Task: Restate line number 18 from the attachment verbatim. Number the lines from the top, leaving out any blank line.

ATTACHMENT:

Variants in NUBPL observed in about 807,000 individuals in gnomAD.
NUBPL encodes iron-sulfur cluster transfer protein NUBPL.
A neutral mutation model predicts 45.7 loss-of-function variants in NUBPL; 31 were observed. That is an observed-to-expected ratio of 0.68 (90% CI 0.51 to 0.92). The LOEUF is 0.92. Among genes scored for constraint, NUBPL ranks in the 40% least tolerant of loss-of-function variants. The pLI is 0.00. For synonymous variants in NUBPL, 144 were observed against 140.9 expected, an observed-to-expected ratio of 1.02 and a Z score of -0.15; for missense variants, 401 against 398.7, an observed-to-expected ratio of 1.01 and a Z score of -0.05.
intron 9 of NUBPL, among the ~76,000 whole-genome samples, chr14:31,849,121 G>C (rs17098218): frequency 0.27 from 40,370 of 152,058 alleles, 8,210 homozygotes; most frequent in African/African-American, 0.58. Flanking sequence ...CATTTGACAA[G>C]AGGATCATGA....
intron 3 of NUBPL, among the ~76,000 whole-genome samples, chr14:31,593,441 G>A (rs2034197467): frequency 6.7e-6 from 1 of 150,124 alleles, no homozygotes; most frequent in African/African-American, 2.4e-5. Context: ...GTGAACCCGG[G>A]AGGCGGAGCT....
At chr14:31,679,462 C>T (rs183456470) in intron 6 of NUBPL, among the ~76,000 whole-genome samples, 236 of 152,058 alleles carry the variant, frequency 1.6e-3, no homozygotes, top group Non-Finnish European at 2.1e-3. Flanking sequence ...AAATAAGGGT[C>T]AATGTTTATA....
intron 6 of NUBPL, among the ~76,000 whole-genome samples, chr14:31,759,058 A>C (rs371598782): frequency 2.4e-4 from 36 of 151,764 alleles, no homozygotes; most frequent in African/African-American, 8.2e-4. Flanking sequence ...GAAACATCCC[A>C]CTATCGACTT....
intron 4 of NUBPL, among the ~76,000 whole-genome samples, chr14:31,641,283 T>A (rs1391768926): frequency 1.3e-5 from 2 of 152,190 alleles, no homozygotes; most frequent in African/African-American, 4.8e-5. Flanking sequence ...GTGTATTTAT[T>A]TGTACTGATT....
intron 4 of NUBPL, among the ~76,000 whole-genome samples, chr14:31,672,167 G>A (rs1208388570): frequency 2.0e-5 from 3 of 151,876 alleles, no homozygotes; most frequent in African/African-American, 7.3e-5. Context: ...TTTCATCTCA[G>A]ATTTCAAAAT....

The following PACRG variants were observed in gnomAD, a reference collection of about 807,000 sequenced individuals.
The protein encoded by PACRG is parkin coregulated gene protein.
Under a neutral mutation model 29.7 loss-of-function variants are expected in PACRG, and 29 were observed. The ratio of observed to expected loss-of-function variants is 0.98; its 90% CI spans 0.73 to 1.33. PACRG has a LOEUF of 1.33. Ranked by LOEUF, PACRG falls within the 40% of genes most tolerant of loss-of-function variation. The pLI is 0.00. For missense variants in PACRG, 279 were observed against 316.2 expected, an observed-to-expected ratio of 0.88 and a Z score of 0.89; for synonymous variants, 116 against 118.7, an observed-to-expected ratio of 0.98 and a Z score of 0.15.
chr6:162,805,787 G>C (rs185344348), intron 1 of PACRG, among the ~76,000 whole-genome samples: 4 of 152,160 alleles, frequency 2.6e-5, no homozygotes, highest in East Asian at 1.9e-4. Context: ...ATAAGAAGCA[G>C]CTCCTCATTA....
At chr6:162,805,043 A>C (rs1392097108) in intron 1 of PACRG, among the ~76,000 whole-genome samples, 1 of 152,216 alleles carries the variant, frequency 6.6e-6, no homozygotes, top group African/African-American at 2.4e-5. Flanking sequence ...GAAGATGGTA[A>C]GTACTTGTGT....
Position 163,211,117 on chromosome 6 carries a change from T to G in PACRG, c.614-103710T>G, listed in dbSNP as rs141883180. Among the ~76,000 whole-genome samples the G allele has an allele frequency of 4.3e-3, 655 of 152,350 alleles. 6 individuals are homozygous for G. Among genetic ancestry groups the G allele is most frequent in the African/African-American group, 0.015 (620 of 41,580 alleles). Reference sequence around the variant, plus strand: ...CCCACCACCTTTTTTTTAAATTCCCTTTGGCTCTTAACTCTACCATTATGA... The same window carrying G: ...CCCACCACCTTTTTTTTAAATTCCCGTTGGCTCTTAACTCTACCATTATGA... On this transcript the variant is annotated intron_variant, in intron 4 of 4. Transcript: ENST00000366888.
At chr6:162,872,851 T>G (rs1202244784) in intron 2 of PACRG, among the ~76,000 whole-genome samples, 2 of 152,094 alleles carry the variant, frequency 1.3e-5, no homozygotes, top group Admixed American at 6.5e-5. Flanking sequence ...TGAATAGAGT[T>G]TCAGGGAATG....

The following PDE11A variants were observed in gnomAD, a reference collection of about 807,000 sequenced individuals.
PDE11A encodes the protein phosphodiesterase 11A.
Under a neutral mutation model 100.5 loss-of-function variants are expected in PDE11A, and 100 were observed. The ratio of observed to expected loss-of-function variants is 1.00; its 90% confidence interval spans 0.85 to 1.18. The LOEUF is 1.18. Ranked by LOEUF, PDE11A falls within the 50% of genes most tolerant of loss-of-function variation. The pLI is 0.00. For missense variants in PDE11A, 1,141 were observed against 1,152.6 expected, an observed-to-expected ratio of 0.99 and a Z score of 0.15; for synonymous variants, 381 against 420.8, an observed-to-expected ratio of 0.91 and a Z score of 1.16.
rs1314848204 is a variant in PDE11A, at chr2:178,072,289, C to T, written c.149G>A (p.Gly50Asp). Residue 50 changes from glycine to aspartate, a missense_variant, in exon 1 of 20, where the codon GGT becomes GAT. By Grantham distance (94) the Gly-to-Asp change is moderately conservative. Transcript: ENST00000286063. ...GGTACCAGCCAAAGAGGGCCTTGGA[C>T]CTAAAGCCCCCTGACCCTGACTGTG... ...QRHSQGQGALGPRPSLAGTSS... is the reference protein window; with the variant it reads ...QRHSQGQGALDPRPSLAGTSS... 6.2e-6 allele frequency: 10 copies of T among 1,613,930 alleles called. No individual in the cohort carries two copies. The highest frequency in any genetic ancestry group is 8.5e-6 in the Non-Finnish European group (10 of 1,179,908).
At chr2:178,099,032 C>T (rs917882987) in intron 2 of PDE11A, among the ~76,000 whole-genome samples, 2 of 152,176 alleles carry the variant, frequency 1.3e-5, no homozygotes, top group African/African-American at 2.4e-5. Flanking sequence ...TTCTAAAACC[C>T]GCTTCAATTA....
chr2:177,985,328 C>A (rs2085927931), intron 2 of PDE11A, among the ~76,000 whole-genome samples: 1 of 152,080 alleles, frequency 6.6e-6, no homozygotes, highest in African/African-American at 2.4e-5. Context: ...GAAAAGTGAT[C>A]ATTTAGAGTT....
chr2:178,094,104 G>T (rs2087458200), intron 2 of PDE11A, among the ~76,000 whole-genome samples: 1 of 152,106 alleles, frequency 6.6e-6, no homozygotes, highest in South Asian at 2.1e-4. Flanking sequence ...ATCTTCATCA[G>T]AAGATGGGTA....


PDE11A encodes the protein phosphodiesterase 11A.